Our board of directors balances each other out perfectly. Once we pick the bands, Rick deals with them. There’s so much back and forth with them. Rick is a musician and that’s what he does so he is really good at that. Like I said, I deal with the official permits and all that stuff and Rick wouldn’t want to touch that with a ten foot pole. Ferris does all the financial stuff. Margie Nicoll is our art director and she does all the day-of designs, stage plots and all that cool stuff. Justin McCarthy is our graphic designer. He came up with our squirrel logo. Charlie McEnerney is our marketing guy and he does all the promotion, PR, and interviews. It’s a really cool group of people. We work so well together. It was funny, after the first festival, Ferris sat down and said “It’s amazing what you can accomplish when nobody cares about taking the credit.” I think that’s a Truman quote. We make sure everyone checks their ego at the door. As a core group we work really well together.
K: Are you a musician?
S: I am not a musician at all. I have no musical talent whatsoever. I live vicariously through all my amazing, talented musician friends. I’ve always been a music lover. I’ve always been an art lover. Most of my friends are either artists or musicians so it works out well.
K: How has the festival changed over the past seven years?
S: In some ways drastically and in some ways not at all. The first year we really had no idea what we were doing. I was bartending and booking shows at The Midway but that’s a 100-person room. Actually, I think it was a 60-person room when I was working there. None of us had ever put anything on this scale on before. We had very little money and everything was bubble gum and duct tape. We had borrowed sound equipment. The microphones were giving people electrical shocks. We had a main stage and a little side stage that was like a tiny platform that we couldn’t even fit a band on. The stuff was wired backwards. We had to bring our own generator. We were pushing this giant diesel generator up the hill. It was a lot of fun! Anything that could have gone wrong went wrong but it was such an amazing day.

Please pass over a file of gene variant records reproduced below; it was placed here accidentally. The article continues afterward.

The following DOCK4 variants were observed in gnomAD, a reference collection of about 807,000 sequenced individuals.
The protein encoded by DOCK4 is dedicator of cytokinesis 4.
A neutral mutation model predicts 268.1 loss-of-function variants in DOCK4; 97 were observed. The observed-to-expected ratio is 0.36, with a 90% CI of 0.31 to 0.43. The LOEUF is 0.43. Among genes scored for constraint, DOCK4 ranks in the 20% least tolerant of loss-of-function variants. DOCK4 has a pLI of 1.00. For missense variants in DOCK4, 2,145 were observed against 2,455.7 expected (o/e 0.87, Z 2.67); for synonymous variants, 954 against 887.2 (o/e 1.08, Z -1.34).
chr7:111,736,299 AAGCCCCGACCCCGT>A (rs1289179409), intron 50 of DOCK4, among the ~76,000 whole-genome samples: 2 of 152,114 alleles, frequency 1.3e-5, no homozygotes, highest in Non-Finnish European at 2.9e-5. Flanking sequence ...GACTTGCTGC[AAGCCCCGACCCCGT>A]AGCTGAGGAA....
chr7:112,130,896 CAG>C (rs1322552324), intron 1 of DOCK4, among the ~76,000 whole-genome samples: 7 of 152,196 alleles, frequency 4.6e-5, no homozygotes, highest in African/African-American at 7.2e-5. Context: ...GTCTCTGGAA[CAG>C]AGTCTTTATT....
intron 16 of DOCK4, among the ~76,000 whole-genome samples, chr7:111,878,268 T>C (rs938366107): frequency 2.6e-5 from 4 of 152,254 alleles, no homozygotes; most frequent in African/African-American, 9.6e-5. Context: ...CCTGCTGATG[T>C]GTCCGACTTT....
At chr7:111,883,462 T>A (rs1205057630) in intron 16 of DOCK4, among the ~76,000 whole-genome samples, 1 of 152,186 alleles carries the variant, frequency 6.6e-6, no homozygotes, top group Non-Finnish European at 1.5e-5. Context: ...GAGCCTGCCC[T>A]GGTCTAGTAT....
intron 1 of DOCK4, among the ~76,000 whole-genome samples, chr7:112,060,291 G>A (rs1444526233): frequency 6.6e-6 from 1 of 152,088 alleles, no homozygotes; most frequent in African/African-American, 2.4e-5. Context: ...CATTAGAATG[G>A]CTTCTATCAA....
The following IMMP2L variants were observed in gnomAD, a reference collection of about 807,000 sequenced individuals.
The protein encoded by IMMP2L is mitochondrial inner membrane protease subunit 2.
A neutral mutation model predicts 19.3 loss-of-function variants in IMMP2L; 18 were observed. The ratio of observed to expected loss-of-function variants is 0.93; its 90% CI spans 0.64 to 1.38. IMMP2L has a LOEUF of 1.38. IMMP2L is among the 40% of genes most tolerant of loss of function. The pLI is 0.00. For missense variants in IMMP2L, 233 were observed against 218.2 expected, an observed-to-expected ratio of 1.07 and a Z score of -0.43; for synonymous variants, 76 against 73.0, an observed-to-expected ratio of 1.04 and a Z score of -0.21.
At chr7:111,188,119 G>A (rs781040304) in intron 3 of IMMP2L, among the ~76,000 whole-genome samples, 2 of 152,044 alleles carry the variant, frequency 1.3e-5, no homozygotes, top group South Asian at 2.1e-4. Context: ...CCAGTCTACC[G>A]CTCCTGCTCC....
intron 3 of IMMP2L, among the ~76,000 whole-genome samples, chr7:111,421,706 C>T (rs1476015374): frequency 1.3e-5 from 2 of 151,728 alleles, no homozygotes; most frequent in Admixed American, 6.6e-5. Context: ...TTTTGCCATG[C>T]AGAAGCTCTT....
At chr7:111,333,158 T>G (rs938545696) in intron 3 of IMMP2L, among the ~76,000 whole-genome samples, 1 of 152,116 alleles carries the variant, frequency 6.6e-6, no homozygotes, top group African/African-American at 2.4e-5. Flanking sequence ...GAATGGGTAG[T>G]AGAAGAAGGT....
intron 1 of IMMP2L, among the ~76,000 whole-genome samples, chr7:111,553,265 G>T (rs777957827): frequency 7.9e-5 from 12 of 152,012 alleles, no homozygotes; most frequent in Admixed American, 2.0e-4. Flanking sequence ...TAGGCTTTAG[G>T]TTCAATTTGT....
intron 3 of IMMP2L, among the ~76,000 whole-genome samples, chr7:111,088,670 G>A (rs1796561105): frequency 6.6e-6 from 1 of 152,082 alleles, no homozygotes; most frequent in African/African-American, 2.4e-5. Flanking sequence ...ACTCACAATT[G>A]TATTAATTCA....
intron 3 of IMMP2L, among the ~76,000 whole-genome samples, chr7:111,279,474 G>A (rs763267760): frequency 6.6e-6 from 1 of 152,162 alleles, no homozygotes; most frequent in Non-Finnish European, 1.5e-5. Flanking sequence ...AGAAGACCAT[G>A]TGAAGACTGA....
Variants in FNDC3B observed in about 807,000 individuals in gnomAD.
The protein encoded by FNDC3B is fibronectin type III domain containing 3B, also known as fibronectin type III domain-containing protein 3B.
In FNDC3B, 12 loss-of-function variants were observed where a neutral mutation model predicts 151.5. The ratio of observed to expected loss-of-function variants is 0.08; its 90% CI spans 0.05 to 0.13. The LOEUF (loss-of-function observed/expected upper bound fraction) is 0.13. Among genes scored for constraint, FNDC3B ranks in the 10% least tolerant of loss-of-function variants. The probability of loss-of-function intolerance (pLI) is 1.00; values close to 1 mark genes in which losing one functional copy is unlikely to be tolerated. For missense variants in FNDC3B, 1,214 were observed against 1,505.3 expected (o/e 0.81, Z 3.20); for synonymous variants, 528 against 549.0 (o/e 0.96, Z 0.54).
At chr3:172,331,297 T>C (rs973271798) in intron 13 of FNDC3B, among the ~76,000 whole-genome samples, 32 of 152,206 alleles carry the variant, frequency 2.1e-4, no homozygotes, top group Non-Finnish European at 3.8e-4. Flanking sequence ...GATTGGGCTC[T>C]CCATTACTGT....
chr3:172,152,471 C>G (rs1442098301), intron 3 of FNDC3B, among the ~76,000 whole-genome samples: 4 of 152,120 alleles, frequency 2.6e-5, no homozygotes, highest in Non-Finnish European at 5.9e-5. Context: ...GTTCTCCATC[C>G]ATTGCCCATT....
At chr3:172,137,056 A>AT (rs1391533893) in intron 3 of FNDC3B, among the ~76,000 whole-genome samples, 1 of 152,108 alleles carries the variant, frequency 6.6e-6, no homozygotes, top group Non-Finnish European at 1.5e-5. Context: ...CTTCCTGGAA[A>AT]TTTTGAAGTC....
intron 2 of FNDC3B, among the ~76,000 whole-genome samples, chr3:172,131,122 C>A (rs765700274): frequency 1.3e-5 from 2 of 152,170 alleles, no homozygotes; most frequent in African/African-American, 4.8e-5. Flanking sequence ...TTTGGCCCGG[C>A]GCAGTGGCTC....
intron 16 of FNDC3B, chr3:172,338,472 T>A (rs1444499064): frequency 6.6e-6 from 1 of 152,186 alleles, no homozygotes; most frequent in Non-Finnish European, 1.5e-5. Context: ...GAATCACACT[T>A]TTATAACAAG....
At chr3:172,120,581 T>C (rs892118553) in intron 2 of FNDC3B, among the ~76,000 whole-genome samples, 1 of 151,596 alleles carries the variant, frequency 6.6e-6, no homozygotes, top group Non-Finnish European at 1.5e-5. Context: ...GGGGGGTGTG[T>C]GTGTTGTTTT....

The first year, Gordon Gano of the Violent Femmes, whose sister lives in JP and his mom lives in Brookline, came out and played. I had met him a couple of times but Rick had played on some shows with him. He offered to come out on his own dime and play with Rick’s band. He wouldn’t even let us buy him dinner. We gave him a t-shirt and that’s all he wanted. Gordon is a really nice guy and we keep in touch. That really helped us the first year. It got us a lot of press.
We learned so much from our mistakes that first year. Once people realized that we were the real deal and weren’t just joking around, more donations started to roll in. We raise all the money from local businesses. It’s never going to be the “Powerade Presents: JP Music Festival.” All the funding comes from local businesses and the small fundraisers we do around town throughout the year. Most of the bars and restaurants are so generous and it’s humbling. The Galway House was our first major sponsor. We were raising 50 bucks here and there and then Eddie cut us a check for a lot. I don’t think you could do exactly this festival in a lot of neighborhoods.